- Pay Over Time: Similar to credit cards, you can pay for the product or service over time. You’re only required to make a minimum monthly payment with credit cards – and can essentially take as long as you want to repay. BNPL, on the other hand, typically breaks the payments into four equal installments. Depending on your purchase amount, these payments may be required weekly or monthly.
- No Interest or Fees: As long as you make each payment on time, you will not be charged any interest or fees.
The Drawbacks of Buy Now, Pay Later
While the benefits of BNPL may have you hooked, there’s always a catch. Here are a few reasons you might want to stop and think before you jump right in with BNPL payments.
- Lack of Regulation: As of right now, there is practically no federal oversight. Without federal regulations, each provider can make its own rules, policies, and pricing structures, which ultimately limits the power of the consumer.
- A Multitude of Providers: While you may be familiar with one BNPL service, not all are the same. Without uniform rules or policies to govern these programs, consumers can make costly mistakes when one provider’s rules are different from others.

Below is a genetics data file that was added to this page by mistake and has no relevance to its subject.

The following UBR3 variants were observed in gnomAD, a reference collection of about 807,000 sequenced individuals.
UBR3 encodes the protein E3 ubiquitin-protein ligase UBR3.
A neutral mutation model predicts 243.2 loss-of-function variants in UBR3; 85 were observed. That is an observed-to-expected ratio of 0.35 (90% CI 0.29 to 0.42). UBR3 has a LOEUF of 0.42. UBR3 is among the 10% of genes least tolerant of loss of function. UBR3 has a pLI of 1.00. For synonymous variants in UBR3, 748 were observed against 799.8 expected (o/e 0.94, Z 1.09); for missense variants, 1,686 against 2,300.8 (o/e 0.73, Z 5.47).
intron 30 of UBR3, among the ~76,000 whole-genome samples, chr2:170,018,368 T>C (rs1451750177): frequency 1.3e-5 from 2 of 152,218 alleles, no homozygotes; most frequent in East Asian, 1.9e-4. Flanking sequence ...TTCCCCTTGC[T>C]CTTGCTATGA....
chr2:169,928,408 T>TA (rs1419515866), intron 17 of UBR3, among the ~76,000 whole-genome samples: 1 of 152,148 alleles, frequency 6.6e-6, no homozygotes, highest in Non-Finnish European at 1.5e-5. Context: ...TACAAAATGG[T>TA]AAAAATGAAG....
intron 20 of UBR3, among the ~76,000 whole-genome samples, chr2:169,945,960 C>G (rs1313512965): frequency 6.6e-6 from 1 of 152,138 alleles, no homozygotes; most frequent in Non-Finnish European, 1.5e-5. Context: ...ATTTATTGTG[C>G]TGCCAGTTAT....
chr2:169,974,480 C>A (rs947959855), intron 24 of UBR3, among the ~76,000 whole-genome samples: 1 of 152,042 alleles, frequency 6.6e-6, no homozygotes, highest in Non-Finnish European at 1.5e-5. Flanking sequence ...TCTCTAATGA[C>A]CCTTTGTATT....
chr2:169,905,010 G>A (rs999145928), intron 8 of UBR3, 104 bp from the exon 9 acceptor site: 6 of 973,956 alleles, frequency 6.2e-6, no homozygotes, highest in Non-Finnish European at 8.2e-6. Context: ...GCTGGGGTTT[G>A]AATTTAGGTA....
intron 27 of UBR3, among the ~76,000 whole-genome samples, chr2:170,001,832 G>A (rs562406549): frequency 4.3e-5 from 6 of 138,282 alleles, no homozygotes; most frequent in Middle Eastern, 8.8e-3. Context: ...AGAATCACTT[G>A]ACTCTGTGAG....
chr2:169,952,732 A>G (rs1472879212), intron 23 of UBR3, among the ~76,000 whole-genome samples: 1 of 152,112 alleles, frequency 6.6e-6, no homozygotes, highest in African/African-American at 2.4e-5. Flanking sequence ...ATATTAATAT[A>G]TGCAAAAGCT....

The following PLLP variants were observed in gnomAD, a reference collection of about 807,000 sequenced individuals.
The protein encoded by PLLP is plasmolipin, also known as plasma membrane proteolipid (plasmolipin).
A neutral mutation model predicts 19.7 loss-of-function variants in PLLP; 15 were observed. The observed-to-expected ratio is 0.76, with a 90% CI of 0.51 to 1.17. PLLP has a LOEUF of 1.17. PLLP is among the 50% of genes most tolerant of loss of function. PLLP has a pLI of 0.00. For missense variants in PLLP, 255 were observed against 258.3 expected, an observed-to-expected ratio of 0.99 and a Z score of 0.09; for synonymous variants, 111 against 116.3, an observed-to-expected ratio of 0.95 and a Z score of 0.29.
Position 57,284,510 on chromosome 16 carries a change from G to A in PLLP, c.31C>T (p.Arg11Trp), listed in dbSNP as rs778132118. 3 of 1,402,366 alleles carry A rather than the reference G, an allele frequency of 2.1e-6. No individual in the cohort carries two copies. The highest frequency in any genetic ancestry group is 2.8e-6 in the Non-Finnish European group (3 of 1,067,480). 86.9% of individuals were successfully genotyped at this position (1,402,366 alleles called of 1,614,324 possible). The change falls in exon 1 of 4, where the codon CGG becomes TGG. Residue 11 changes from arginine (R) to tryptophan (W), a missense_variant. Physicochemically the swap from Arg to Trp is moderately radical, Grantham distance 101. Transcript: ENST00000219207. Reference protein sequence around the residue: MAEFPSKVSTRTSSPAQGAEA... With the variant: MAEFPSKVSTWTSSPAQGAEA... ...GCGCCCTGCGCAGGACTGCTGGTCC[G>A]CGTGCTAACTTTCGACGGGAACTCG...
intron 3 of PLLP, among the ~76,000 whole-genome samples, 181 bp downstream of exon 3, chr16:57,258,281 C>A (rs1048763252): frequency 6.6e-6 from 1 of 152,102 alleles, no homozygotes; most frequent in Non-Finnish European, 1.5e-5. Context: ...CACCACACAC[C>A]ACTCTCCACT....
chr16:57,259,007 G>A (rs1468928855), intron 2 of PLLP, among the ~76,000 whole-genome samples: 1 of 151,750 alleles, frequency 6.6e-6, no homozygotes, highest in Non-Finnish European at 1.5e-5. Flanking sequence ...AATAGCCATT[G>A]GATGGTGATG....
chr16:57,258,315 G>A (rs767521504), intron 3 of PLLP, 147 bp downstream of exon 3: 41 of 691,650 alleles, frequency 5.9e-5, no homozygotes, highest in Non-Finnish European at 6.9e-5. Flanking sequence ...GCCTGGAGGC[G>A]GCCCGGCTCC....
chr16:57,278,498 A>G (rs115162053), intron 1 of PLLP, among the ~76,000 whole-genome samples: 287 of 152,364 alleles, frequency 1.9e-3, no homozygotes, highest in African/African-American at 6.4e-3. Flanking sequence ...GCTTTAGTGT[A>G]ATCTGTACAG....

- Payment Structure: The lure of paying no fees or interest is what hooks consumers. But the real catch is when people begin to use this payment option regularly.
- Difficulty of Managing Multiple Payments: When you use BNPL to purchase an item, the payments typically start immediately and are paid in four installments. Suppose you use BNPL to buy three different items on different days. Each will have four installments or payments – leaving you with 12 separate payments to manage. This can quickly become confusing and financially tricky to accomplish.
- Costly Fees: While BNPL lures you in with the promise of no fees or interest, that is only true if you make your payments on time. Imagine trying to make 12 payments on time while also managing your daily finances. It can become extremely difficult. Missing one payment can result in costly fees. But, more so, missing one payment can lead to a chain reaction that causes a multitude of missed payments – resulting in an avalanche of costly fees.